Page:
The purpose of this study was to utilize controllable fiber-drawing techniques in order to fabricate glass microcone arrays for use in office-based optical surgery instruments. The cone spacing is controlled via the drawing process while an etching process controls the cone height-to-base ratio. The device viability was tested by imprinting, and subsequent staining, of low-density polyethylene and porcine corneas, resulting in a consistent patterned structure of micron-sized perforations. After imprint, the device was examined and no evidence of microcone fracture or overpenetration was present during the course of these experiments. This research promises to lead to advances in optical surgery for the treatment of recurrent corneal erosions, providing quicker, safer, and more cost-effective procedures with decreased risk of vision loss and scarring associated with current procedures such as anterior stromal puncture. The ease of procedure and micron-sized incisions could potentially replace current techniques and provide a viable treatment alternative for recurrent corneal erosions in the visual axis.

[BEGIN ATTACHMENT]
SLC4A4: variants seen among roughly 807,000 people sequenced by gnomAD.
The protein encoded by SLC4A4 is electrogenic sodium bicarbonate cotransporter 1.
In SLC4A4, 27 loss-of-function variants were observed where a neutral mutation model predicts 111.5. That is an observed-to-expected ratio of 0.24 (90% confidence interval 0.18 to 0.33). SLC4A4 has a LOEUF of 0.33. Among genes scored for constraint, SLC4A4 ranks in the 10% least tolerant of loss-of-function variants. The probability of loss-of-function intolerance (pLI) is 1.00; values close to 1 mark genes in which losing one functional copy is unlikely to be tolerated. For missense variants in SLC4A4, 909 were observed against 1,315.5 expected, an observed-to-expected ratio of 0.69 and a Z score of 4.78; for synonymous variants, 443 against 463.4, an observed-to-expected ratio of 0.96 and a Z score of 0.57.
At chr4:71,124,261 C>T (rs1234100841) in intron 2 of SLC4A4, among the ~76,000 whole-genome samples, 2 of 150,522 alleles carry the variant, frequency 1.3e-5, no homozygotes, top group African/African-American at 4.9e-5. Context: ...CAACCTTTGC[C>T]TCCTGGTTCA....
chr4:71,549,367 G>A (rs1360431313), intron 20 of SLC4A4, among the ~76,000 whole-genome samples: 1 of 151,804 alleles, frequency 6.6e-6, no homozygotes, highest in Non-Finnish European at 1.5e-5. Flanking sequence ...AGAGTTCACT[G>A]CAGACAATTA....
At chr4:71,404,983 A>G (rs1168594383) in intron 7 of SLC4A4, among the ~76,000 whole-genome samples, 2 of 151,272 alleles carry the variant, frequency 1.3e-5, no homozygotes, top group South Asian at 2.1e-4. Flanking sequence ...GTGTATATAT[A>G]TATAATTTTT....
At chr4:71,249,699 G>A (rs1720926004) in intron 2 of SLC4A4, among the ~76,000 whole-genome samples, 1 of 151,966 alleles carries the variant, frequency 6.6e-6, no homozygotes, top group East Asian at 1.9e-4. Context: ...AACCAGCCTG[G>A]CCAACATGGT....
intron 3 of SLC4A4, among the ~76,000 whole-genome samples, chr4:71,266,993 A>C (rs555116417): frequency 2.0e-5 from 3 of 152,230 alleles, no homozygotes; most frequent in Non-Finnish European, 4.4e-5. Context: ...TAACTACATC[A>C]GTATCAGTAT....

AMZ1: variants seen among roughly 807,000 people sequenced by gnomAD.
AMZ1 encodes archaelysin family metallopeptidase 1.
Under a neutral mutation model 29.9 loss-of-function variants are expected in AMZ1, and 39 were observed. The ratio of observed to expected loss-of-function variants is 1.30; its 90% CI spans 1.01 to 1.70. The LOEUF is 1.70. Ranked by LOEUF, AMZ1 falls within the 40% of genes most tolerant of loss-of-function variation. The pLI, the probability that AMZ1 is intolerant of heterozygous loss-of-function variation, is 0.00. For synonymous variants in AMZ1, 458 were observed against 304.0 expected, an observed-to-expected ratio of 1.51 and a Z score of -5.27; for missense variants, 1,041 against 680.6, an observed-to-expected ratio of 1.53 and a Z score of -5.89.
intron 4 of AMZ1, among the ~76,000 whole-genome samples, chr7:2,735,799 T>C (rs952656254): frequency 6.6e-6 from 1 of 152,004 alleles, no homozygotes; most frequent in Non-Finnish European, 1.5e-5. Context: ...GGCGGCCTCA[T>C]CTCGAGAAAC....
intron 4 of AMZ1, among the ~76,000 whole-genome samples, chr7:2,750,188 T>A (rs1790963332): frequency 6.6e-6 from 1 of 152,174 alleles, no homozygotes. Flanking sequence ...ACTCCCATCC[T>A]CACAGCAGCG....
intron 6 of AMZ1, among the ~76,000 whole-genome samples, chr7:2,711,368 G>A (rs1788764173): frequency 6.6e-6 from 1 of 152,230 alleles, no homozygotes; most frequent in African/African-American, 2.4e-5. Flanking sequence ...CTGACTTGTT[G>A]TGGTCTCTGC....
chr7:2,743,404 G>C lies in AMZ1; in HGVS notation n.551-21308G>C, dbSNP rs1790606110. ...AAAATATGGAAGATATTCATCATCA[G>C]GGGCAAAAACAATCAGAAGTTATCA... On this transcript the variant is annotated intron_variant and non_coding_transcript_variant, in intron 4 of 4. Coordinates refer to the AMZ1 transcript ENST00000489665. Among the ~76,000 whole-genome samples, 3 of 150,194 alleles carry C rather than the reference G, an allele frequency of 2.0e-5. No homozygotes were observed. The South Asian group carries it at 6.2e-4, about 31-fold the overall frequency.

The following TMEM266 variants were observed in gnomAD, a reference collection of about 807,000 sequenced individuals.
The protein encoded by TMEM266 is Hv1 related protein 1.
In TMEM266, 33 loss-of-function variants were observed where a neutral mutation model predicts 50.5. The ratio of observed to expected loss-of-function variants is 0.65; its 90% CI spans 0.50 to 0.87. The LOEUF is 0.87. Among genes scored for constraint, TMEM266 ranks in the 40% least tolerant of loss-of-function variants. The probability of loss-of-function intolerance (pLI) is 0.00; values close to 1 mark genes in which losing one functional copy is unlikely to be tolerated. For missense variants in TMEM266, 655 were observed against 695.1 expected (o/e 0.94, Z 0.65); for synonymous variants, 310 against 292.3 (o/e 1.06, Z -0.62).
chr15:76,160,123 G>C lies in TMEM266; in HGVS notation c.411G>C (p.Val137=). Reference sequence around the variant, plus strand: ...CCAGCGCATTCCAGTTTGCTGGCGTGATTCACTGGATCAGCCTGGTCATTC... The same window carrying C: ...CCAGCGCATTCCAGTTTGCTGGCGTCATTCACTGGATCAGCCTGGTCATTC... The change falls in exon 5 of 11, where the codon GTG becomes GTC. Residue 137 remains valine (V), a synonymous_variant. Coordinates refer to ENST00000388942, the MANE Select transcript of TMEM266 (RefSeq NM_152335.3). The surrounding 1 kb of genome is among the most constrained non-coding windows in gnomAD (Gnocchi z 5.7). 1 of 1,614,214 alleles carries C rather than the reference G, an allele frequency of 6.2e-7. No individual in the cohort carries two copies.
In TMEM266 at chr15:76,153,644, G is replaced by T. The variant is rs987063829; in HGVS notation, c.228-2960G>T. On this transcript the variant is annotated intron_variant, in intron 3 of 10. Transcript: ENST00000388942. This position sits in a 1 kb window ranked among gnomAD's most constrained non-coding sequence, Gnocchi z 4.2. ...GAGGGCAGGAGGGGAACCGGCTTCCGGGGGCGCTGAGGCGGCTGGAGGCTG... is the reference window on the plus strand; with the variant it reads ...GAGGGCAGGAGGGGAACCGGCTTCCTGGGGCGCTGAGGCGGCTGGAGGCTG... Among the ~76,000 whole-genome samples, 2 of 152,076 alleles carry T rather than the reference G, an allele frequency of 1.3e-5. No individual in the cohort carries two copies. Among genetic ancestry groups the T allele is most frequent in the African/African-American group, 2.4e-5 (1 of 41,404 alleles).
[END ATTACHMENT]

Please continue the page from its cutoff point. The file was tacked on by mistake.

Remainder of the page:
Structural Manipulation of Microcone Arrays for Microsurgical Modification of Ophthalmic Tissues
Manuscript received April 24, 2013; final manuscript received February 5, 2014; published online July 21, 2014. Assoc. Editor: Rosaire Mongrain.
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Wing, B. J., Schaeffer, D. A., Hendricks, T. R., Bennett, D., Chaum, E., and Simpson, J. T. (July 21, 2014). "Structural Manipulation of Microcone Arrays for Microsurgical Modification of Ophthalmic Tissues." ASME. J. Med. Devices. September 2014; 8(3): 034558. https://doi.org/10.1115/1.4026828
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